There were 30,396 households out of which 32.80% had children under the age of 18 living with them, 55.70% were married couples living together, 9.20% had a female householder with no husband present, and 31.80% were non-families. 25.00% of all households were made up of individuals and 9.00% had someone living alone who was 65 years of age or older. The average household size was 2.49 and the average family size was 2.99.

In the county, the population was spread out with 25.40% under the age of 18, 7.90% from 18 to 24, 29.70% from 25 to 44, 24.00% from 45 to 64, and 13.10% who were 65 years of age or older. The median age was 38 years. For every 100 females there were 95.20 males. For every 100 females age 18 and over, there were 92.10 males.

The median income for a household in the county was $43,169, and the median income for a family was $51,211. Males had a median income of $34,796 versus $24,139 for females. The per capita income for the county was $22,111. About 3.80% of families and 5.90% of the population were below the poverty line, including 5.30% of those under age 18 and 5.90% of those age 65 or over.

Religion[edit]

Grand Traverse County is part of the Roman Catholic Diocese of Gaylord.[15]

Government[edit]

The county government operates the jail, maintains rural roads, operates the major local courts, keeps files of deeds and mortgages, maintains vital records, administers public health regulations, and participates with the state in the provision of welfare and other social services. The county board of commissioners controls the budget but has only limited authority to make laws or ordinances. In Michigan, most local government functions — police and fire, building and zoning, tax assessment, street maintenance, etc. — are the responsibility of individual cities and townships.

Elected officials[edit]

(information as of November 2008)

Politics[edit]

Presidential Elections Results[16]
Year Republican Democratic Third Parties
2016 52.7% 27,413 40.3% 20,965 6.9% 3,607
2012 55.1% 26,534 43.3% 20,875 1.6% 788
2008 50.6% 24,716 47.6% 23,258 1.8% 869
2004 59.4% 27,446 39.5% 18,256 1.1% 489
2000 58.5% 22,358 37.6% 14,371 3.9% 1,500
1996 49.1% 16,355 39.0% 12,987 12.0% 3,987
1992 39.6% 13,629 32.4% 11,148 28.1% 9,684
1988 62.5% 17,191 36.7% 10,098 0.9% 236
1984 70.8% 18,036 28.6% 7,271 0.6% 157
1980 58.6% 14,484 28.9% 7,150 12.4% 3,072
1976 63.9% 13,505 34.3% 7,263 1.8% 382
1972 64.8% 11,421 33.0% 5,810 2.2% 390
1968 61.5% 8,960 32.6% 4,741 6.0% 866
1964 45.3% 6,198 54.6% 7,475 0.2% 20
1960 63.7% 8,618 36.1% 4,886 0.3% 36
1956 73.5% 9,102 26.3% 3,256 0.2% 30
1952 77.1% 9,034 22.5% 2,639 0.3% 38
1948 68.3% 5,473 29.5% 2,365 2.2% 177
1944 67.0% 5,413 32.3% 2,607 0.7% 55
1940 64.3% 5,620 35.4% 3,095 0.3% 30
1936 46.1% 3,676 48.0% 3,827 6.0% 477
1932 45.7% 3,442 51.9% 3,907 2.4% 182
1928 74.6% 4,429 25.1% 1,489 0.4% 22
1924 74.9% 4,011 10.4% 558 14.7% 789
1920 74.0% 4,056 21.1% 1,158 4.8% 264
1916 45.8% 1,917 44.2% 1,848 10.0% 420
1912 23.3% 899 24.2% 937 52.5% 2,031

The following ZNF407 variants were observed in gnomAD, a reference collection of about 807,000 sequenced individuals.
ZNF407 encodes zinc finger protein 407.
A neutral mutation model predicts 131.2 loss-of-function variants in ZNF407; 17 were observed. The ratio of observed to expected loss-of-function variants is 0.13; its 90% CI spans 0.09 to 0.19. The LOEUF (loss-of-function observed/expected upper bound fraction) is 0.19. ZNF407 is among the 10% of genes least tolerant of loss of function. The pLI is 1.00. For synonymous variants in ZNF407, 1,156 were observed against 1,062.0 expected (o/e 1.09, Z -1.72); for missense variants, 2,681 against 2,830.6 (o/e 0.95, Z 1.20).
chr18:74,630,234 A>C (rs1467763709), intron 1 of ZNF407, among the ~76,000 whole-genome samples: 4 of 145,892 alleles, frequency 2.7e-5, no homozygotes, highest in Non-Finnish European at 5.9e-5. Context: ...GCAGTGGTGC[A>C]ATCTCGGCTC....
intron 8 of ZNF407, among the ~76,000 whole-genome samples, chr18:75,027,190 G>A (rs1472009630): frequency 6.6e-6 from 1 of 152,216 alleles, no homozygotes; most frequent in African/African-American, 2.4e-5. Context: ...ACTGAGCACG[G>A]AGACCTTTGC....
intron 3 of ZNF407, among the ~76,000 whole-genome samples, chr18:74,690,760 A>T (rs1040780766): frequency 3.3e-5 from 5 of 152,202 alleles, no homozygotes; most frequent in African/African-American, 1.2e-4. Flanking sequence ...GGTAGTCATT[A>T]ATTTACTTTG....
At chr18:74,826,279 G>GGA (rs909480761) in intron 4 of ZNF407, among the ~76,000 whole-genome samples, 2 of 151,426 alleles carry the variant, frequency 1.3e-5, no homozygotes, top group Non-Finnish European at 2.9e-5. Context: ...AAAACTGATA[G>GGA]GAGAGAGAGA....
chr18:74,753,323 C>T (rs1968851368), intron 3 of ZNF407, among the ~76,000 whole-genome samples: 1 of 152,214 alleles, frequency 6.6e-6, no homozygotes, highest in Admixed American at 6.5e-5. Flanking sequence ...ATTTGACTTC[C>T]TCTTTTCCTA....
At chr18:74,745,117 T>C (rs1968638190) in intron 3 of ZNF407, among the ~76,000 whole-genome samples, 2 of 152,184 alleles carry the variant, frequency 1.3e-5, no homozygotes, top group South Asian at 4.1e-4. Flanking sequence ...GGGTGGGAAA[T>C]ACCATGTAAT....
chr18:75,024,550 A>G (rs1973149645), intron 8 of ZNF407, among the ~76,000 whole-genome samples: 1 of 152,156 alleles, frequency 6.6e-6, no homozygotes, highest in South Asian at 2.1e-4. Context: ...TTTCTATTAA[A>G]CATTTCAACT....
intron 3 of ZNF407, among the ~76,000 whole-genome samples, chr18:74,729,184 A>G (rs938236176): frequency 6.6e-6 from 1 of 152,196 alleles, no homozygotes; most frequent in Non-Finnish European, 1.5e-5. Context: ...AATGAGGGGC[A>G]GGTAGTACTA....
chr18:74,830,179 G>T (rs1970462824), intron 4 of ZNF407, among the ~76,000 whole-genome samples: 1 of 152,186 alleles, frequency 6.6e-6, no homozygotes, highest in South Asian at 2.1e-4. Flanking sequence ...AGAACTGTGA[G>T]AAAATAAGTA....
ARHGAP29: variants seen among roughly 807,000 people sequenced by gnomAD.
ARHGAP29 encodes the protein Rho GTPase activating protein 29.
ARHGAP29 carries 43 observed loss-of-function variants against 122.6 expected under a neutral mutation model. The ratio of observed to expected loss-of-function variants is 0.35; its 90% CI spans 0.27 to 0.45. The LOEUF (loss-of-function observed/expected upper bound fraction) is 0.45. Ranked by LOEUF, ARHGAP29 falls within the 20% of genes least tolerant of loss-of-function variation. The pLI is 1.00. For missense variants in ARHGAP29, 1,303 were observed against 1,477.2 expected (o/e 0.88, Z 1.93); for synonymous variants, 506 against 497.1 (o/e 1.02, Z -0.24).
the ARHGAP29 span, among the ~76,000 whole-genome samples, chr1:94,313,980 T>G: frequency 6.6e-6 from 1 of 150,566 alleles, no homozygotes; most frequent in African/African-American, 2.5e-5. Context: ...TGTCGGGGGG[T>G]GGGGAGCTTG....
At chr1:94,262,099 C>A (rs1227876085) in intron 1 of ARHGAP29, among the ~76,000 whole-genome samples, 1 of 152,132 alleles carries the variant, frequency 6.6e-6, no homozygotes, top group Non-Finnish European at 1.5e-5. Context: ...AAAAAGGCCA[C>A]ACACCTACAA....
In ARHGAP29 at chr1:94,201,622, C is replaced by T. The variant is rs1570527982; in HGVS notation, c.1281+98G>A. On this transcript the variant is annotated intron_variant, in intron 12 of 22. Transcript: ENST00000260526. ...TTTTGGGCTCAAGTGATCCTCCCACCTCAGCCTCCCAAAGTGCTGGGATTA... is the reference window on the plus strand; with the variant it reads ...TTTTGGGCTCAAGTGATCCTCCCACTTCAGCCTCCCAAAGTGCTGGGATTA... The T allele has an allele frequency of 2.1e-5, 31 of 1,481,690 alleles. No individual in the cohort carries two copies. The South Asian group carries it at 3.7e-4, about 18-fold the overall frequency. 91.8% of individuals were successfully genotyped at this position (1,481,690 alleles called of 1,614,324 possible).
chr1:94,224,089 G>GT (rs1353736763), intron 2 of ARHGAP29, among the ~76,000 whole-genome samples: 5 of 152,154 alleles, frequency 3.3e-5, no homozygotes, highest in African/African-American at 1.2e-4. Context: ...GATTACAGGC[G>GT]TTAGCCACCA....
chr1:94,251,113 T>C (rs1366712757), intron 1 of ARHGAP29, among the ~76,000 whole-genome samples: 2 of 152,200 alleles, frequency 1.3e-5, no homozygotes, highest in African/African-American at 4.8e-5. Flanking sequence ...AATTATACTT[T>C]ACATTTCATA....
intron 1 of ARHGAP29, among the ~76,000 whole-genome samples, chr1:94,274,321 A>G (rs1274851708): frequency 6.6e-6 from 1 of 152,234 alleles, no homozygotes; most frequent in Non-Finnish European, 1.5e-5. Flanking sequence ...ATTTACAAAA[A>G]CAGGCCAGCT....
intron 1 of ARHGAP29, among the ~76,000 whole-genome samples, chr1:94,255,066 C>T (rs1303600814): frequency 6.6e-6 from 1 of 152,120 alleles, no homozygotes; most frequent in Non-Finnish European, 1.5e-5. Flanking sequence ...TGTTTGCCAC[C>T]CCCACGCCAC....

1908 65.9% 2,811 30.2% 1,289 3.9% 167
1904 81.4% 3,383 14.3% 594 4.3% 179
1900 68.4% 3,127 28.1% 1,286 3.5% 160
1896 57.2% 2,533 39.4% 1,745 3.4% 150
1892 54.7% 1,734 29.2% 924 16.2% 512
1888 63.1% 1,859 31.4% 925 5.5% 162
1884 64.6% 1,645 31.7% 808 3.7% 94

Grand Traverse County predominantly supports the Republican Party, particularly at the federal level.

In the 2008 presidential election, Republican candidate John McCain received 24,716 votes in the county (50.60% of the total) to Democrat Barack Obama's 23,258 (47.62%), even as Obama carried the state of Michigan by a double-digit margin.[17] McCain's margin of victory in the county was narrower than usual for a Republican candidate.

In 2004, Republican president George W. Bush received 27,446 votes in the county (59.42%) to Democrat John Kerry's 18,256 (39.52%).[18]

In 2000, Bush received 22,358 votes in the county (58.48%) to Democrat Al Gore's 14,371 (37.59%).[19]

Education[edit]

Grand Traverse County has many schools. TCAPS is by far the most used school district in the area, with it's headquarters in Traverse City. All of it's schools are located within the county, although some of the district itself extends into nearby Kalkaska County, Benzie County, and Leelanau County. Other districts in the county are Forest Area, GTA, Benzie, and Elk Rapids.There are also independent catholic schools in the county as well.

Communities[edit]

City[edit]

Villages[edit]

Townships[edit]

Charter townships in italics.

Census-designated places[edit]

Unincorporated communities[edit]

See also[edit]

References[edit]

  1. ^ a b c "Bibliography on Grand Traverse County". Clarke Historical Library, Central Michigan University. Retrieved January 19, 2013. 
  2. ^ a b "State & County QuickFacts". United States Census Bureau. Archived from the original on July 10, 2011. Retrieved August 27, 2013. 
  3. ^ "Find a County". National Association of Counties. Archived from the original on 2011-05-31. Retrieved 2011-06-07. 
  4. ^ Gannett, Henry (1905). The Origin of Certain Place Names in the United States. Govt. Print. Off. p. 141. 
  5. ^ "Michigan Historical Markers". michmarkers.com. 
  6. ^ "Old restaurant may take on new owners". Traverse City Record-Eagle. record-eagle.com. 
  7. ^ "2010 Census Gazetteer Files". United States Census Bureau. August 22, 2012. Archived from the original on November 13, 2013. Retrieved September 21, 2014. 
  8. ^ "Timeline". Traverse Area Historical Society. 2016-08-04. Retrieved 2017-12-05. 
  9. ^ "Population and Housing Unit Estimates". Retrieved June 9, 2017. 
  10. ^ "U.S. Decennial Census". United States Census Bureau. Archived from the original on May 12, 2015. Retrieved September 21, 2014. 
  11. ^ "Historical Census Browser". University of Virginia Library. Retrieved September 21, 2014. 
  12. ^ "Population of Counties by Decennial Census: 1900 to 1990". United States Census Bureau. Retrieved September 21, 2014. 
  13. ^ "Census 2000 PHC-T-4. Ranking Tables for Counties: 1990 and 2000" (PDF). United States Census Bureau. Retrieved September 21, 2014. 
  14. ^ "American FactFinder". United States Census Bureau. Archived from the original on 2013-09-11. Retrieved 2008-01-31. 
  15. ^ "The Diocese of Gaylord, Michigan : A Diocese of the Roman Catholic Church - Diocese of Gaylord". dioceseofgaylord.org. 
  16. ^ http://uselectionatlas.org/RESULTS
  17. ^ "Dave Leip's Atlas of U.S. Presidential Elections - State Data". uselectionatlas.org. 
  18. ^ "Dave Leip's Atlas of U.S. Presidential Elections - State Data". uselectionatlas.org. 
  19. ^ "Dave Leip's Atlas of U.S. Presidential Elections - State Data". uselectionatlas.org. 

External links[edit]

Coordinates: 44°44′N 85°33′W / 44.73°N 85.55°W / 44.73; -85.55